Preachers’ Kids

Our culture has a stereotype of pastor’s children that is the complete opposite of this biblical expectation.  When people mention a “preacher kid,” they are normally referencing some rebellious hellion bent on tarnishing his father’s reputation in the community.  This stereotype reveals more than an unfortunate circumstance, it shows unbiblical perspectives and qualifications present in the church today.

Repeatedly, many preacher kids reveal a father who took care of the needs of everyone else except for those living in his own house.  In attempts to appease this member or that family, he neglected his own wife and children.  As the years went by, not only does the minister’s family resent the man of the house, but they also resent the church and many never return once they leave home.

Your pastors need to care for their own children more than they care for your children.

The biblical model is for a pastor to care for his wife, his children, and then to equip the saints for the work of the ministry.  By his teaching and through his example, he can show you to evangelize and disciple your children because he is also doing the same thing within his own family.

Your pastor can not fix every marriage.  He needs to nurture his own.  He can not fix all of your children’s issues, because he is trying to keep his own children from wandering away from God.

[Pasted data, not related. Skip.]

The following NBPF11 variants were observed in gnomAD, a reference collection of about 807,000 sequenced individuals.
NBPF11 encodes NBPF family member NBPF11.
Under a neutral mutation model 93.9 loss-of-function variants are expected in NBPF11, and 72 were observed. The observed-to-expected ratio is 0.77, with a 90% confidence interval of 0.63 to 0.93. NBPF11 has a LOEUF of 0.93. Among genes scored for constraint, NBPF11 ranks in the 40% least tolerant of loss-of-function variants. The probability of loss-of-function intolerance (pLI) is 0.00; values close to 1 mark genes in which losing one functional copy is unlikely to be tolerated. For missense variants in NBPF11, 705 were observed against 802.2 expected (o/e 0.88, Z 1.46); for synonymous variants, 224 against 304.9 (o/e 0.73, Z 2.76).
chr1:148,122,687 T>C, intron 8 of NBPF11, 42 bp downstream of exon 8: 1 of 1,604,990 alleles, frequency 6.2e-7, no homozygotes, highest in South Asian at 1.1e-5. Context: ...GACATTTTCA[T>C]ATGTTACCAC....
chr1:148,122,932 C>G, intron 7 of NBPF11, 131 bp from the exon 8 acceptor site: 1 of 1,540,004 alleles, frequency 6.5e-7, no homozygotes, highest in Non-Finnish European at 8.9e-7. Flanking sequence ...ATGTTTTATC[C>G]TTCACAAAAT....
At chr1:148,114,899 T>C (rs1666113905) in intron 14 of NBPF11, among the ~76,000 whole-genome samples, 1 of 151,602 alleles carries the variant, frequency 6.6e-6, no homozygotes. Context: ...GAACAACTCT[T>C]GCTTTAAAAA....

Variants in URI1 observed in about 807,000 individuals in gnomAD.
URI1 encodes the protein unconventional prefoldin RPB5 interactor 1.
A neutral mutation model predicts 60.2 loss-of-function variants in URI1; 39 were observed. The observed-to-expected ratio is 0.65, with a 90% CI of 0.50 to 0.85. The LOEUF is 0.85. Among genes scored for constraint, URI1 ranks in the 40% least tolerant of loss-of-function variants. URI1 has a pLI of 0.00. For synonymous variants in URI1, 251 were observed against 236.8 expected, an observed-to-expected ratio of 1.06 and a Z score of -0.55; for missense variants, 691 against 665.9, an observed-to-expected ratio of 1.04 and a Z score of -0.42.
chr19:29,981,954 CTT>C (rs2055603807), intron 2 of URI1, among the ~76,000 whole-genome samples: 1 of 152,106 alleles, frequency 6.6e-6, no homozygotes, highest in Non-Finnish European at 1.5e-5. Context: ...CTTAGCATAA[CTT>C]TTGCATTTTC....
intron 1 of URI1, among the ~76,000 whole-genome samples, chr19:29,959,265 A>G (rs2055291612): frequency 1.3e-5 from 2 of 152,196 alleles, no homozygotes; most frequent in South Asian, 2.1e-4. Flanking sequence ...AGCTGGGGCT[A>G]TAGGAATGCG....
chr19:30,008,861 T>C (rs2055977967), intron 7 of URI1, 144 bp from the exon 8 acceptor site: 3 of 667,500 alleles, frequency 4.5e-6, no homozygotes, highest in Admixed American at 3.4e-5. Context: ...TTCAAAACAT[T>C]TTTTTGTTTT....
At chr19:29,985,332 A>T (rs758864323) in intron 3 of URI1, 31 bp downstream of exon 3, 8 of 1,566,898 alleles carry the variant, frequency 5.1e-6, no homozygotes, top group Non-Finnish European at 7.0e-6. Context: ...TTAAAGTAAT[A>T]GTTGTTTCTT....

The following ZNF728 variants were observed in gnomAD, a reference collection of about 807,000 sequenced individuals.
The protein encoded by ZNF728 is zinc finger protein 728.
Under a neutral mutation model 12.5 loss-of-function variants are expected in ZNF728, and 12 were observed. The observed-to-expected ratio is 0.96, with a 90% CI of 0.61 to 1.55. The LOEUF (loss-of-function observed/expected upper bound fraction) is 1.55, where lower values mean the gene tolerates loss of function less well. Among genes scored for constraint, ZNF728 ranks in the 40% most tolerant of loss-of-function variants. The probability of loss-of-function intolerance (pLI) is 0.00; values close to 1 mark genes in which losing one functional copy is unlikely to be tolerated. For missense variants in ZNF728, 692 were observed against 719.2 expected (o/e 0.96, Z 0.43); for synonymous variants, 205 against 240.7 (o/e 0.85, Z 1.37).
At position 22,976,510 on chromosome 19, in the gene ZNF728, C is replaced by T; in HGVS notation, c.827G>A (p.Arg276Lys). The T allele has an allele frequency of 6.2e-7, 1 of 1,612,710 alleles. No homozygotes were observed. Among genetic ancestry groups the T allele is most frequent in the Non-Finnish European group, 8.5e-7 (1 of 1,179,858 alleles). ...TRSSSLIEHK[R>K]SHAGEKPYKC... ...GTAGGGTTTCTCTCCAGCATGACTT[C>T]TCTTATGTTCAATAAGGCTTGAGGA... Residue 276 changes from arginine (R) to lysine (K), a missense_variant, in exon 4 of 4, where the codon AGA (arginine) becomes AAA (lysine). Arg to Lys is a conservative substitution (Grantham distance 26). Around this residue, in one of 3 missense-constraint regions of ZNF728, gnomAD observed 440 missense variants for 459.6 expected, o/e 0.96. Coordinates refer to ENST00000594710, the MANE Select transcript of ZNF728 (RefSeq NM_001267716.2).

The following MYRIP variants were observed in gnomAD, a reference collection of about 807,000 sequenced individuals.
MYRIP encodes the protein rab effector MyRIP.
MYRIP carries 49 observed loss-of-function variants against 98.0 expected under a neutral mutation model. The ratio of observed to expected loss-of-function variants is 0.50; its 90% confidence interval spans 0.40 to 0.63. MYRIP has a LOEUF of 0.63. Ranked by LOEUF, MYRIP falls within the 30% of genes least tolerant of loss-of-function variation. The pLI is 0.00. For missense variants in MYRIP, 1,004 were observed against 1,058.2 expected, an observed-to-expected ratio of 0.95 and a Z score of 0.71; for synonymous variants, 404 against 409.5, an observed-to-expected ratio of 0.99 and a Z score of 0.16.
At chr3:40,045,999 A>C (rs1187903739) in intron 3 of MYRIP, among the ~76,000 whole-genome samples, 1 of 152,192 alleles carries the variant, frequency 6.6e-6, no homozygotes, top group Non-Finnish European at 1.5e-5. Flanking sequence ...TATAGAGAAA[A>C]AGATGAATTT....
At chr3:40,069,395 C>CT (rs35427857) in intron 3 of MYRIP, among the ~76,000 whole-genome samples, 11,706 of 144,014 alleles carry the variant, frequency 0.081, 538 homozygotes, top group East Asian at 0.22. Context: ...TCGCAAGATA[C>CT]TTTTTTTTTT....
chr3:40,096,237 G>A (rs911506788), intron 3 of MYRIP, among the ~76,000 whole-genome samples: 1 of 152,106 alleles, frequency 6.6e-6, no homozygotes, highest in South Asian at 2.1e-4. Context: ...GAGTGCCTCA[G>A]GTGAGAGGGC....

A church needs to have high expectations for their ministers, but they need to ensure that they are God’s high expectations and not unrealistic manmade expectations.  God wants men in the gospel ministry who are fulfilling his call, and a church needs to allow their pastors to be obedient to God more than anything else.  You need to give your ministerial leadership room to take care of their families.

Frankly, your pastor might be needed more at his son’s soccer game than beside your hospital bed.  I am not at all saying that a pastor should not do hospital visitation or pastoral counseling, but if he answers the call of every need in a given congregation, he is unable to care for his family and therefore unfit to lead that congregation anymore.  Every church wants the best pastor they can find.  Make sure that once you find him you don’t disqualify him by not allowing his focus to be on his own home.

Excerpt from the upcoming release of Don’t Drop Your Kids Off at Church.